New research from the Bank of England finds that interest rate cuts in response to the 2007-08 crisis boosted the UK’s birth rate. Yet the same cannot be said of monetary policy’s impact on investment. What does this tell us about the Bank and its toolkit?
Historically, the base interest rate – charged by the Bank of England on commercial bank reserves – has been the primary monetary policy tool (also known as the ‘policy rate’ or ‘bank rate’). In times of economic slowdown, lowering the base interest rate is intended to boost aggregate demand by stimulating household spending and business investment. This is meant to occur through a decrease in current and prospective interest payments on loans and mortgages, assuming that commercial banks pass on the rate cut to their customers.
The Great Recession of 2007-08, however, displayed the full extent to which monetary policy alone is incapable of stabilising the economy. In July 2007, the base interest rate reached 5.75%. It was gradually lowered to 4.5% over the following 8 months, and then drastically slashed down to 0.5% as the full impacts of the crisis set in. Yet the BoE’s rapid rate cut, as well as its subsequent QE programme, proved incapable of jump-starting the economy. Today, the interest rate stands at 0.75%.
To some commentators, this was entirely expected. Post Keynesian economists in particular have long argued that the base interest rate is a blunt instrument that bears little weight on decisions in the real economy. As outlined in a recent paper by Jo Michell and Jan Toporowski, for example, “companies invest in productive capacity because they have customers at their door. The rate of interest merely affects how they finance any investment that they may undertake.” Contrary to conventional economic wisdom, the base interest rate has rarely had much impact on the rate of business investment.
The effect of monetary policy on household spending is also often overstated in economic commentary. However, a Bank of England paper published over the holiday season takes a deep dive into how monetary policy affects the single most important decision households take: whether or not to have children. Prior research had already suggested that monetary policy influences birth rates indirectly through a variety of factors, such as house prices and home ownership, but the BoE’s recent paper investigates a more direct relationship through the mortgage market.
The authors find that every 1% decrease in the base interest rate led to a 2% increase in birth rates. In aggregate, this translated to “14,500 additional babies being born in 2009, and increased birth rates by 7.5 percent over the following three years”. The fertility effect was only seen among families whose mortgages were adjustable and directly linked to the base interest rate (which was approximately a quarter of families of child-bearing age). The authors conclude, therefore, that lower monthly mortgage payments put liquidity-constrained couples in a better position to bear the financial costs that come with having a child.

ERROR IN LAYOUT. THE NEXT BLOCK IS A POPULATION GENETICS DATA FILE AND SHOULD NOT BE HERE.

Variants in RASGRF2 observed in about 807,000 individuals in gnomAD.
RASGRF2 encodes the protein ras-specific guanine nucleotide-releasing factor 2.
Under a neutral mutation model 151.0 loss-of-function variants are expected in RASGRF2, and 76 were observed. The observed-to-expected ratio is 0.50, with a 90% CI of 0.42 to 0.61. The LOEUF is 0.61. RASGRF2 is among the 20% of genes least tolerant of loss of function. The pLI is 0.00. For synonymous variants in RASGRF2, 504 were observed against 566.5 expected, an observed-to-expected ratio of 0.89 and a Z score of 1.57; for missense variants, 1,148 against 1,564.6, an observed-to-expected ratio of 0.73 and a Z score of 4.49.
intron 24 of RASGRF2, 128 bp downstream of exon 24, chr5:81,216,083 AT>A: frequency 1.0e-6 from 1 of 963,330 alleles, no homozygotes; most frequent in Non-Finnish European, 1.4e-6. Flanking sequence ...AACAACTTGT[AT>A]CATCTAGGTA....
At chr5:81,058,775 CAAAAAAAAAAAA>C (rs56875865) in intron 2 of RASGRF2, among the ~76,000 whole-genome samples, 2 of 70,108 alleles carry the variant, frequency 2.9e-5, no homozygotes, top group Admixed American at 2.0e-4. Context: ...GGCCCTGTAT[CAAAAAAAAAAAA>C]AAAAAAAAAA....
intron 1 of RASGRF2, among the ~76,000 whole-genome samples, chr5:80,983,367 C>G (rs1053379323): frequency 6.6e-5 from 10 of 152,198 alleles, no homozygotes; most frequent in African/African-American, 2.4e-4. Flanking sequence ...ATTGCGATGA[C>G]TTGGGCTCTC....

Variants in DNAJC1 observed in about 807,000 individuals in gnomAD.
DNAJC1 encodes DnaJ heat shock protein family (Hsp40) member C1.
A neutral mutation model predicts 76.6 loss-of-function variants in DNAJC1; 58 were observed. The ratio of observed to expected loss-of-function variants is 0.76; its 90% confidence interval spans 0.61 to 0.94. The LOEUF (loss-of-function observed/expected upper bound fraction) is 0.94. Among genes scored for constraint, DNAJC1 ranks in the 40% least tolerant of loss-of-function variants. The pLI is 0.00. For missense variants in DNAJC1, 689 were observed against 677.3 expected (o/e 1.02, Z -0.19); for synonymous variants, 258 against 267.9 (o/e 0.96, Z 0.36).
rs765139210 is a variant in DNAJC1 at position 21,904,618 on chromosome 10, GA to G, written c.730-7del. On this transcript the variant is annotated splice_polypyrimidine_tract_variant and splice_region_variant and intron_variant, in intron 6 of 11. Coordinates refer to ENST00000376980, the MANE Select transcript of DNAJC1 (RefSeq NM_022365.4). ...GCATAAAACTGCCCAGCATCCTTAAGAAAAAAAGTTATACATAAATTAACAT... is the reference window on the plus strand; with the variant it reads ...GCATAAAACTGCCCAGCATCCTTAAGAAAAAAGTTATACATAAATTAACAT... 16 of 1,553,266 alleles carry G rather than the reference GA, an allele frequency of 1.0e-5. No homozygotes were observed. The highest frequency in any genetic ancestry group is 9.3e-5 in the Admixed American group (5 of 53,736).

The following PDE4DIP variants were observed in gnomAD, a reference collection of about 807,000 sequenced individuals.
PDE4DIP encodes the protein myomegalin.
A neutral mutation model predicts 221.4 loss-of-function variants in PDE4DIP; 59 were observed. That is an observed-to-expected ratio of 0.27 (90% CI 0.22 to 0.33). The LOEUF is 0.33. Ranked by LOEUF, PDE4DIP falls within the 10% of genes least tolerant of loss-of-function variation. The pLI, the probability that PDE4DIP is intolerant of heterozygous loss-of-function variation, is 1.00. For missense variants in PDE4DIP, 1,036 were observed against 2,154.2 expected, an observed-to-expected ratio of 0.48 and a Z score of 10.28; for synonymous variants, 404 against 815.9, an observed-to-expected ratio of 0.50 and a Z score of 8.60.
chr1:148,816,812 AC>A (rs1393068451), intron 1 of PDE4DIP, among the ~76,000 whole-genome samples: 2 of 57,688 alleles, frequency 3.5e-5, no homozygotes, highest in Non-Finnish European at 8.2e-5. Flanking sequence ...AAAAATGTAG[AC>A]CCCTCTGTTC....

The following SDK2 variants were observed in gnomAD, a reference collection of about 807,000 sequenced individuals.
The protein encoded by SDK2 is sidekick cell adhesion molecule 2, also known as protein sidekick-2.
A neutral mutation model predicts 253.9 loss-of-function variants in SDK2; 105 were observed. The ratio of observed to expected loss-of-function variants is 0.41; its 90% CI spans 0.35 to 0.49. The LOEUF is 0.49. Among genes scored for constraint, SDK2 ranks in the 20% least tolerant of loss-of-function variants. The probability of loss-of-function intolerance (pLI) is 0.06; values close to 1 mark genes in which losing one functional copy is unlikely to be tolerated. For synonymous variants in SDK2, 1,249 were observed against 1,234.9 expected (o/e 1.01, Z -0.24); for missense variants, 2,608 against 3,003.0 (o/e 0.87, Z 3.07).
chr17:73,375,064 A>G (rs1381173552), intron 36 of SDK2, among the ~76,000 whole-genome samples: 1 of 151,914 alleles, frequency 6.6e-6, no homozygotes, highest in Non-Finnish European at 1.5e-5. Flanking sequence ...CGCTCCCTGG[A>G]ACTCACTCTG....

The paper argues that this is evidence of a new channel by which monetary policy affects the real economy, given that children require additional spending that households would not otherwise undertake: “In addition to food, clothing, and other daily necessities, many consumer durables purchases (such as a larger vehicle) are prompted by the addition of a child. Indeed, estimates indicate that the average cost of raising a child during their first year in the UK is almost £11,000.” The implications for monetary policymakers do not stop there, as changes in birth rates can have significant impacts across the economy and on the transmission of monetary policy.
There is certainly some truth to these reflections, but there is another – probably more important – point to be drawn from this study. The new evidence of interest rate cuts’ effect on birth rates provides another example of an unintended side effect of blunt monetary policy instruments. While rate cuts and QE have largely failed to achieve their goals of boosting spending, investment and lending, we continue to uncover their widespread effects on other aspects of socioeconomic life. For example, over the years, research also revealed that QE had adverse effects on wealth inequality and propped up carbon-intensive economic activity.
While most people would probably agree that increasing the birth rate is a less morally reprehensible addition to the list of monetary policy’s side effects, it is further evidence of the extent to which the Band of England’s policies can affect our lives in ways that are (at least initially) completely invisible to us. Yet the Bank’s decisions continue to happen exclusively behind closed doors with a severe lack of democratic input or public accountability. The interest rate decision, for example, is made by a group of 9 unelected individuals that have barely any professional or demographic diversity (the ‘Monetary Policy Committee’, chaired by the BoE’s governor).
Therefore, while this new finding on the relationship between monetary policy and birth rates provides intriguing technical insights, it also further highlights why the Bank of England is in need of serious reform. At Positive Money, we believe that the public deserves a central bank that is willing to explore new approaches to fulfilling its mandates, with greater democratic legitimacy and accountability.